It's one thing to win ugly. Another, totally, to lose ugly. But that's what the Blues managed - a right shocker of a game where they barely strung anything together and yet, probably should have sneaked home with the win.
They had their chances - three really good ones in fact - to bang in the final nail but as was the case all night, they lacked composure and accuracy when it really mattered.
The last minute will bug them for a while because they had the ball, the momentum and the Highlanders down to 14 men. The great escape was on, but the ball was spilled in contact as it had been so many other times and that was it. The game was over and the Blues now have one good performance and one win to show for their three efforts.
On the basis of how they played against the Highlanders, it wouldn't be wise to imagine they will have much more in the bag in a few weeks.
It was unfortunate that New Zealand Rugby's executive team have been in London all week, campaigning for a fairer path to the playoffs. It's an argument supported not just by the lop-sided structure of the competition, but also by the perceived quality of the New Zealand Conference.
Unfortunate because this was a local derby that did anything but sell the excellence of New Zealand. It did anything but strengthen the idea that everything involving New Zealand teams is of a higher standard than everything else.
There was some fairly awful rugby from both teams. The core skills across the board were poor and without either team being capable of nailing the basics of winning and keeping the ball, there was no flow or pattern.
Instead, the picture was confused, erratic and frantic with so much possession spilled in contact and so much given away at the set piece.
What will have dismayed the Blues is that they spent all week focusing on their set piece after failing to deliver what they wanted last week in Hamilton.
Their mission against the Highlanders was to simplify things: to be more accurate and commanding at scrum and lineout and be more direct and efficient in attack.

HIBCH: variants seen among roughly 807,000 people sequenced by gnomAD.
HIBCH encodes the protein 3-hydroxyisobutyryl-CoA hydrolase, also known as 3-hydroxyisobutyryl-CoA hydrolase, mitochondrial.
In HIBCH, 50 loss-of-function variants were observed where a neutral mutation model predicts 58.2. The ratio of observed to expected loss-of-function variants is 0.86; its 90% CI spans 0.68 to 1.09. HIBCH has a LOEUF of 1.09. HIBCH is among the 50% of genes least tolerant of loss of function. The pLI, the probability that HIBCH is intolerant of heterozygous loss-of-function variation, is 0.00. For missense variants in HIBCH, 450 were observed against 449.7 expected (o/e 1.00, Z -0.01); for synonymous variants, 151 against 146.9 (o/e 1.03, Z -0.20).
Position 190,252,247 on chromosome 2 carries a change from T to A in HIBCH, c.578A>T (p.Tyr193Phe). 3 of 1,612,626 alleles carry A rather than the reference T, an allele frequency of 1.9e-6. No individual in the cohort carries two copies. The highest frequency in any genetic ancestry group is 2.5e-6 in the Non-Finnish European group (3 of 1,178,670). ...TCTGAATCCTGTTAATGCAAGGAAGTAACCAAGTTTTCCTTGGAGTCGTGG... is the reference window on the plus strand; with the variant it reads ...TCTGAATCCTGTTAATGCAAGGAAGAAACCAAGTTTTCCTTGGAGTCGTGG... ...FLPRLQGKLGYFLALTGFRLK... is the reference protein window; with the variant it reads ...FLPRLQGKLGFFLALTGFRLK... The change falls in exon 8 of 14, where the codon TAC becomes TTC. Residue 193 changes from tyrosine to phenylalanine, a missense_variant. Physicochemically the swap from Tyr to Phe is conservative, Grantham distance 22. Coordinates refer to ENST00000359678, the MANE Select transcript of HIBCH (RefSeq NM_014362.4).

It was a week where they were supposed to be all about getting back to the basics and yet it looked as if they had regressed from where they were in Hamilton.
Their lineout is the top priority to fix because it doesn't seem to matter who is throwing or who is jumping, the ball isn't being secured as it's supposed to be.
Their scrum came away with a similarly bad mark and because neither worked, the Blues couldn't control any aspect of the game.
Rieko Ioane was a spectator and it remains a secret as to what sort of attacking game the Blues are building as they simply didn't have the ball for long enough to launch anything.
Adding to the stuttering nature of things was the endless kicking from both teams. It was as if both had prepared for the forecast torrential rain that never came and weren't willing to adjust even though conditions were conducive to keeping the ball in hand.
Fair enough, except the execution was mostly dire. The Highlanders still reaped plenty of rewards, however, as the Blues were even worse at dealing with the high ball than they were delivering it.
Ihaia West, covering in the backfield, had a torrid night trying to diffuse bombs. He just couldn't gather them and his frailties there seemed to infiltrate the rest of his game and other than his goalkicking, he had a night that was mostly full of negatives.
Blues 12 (I. West 3 pens; P. Francis pen)
Highlanders 16 (M. Fekitoa tries; L. Sopoaga con, 2 pens; M. Banks pen)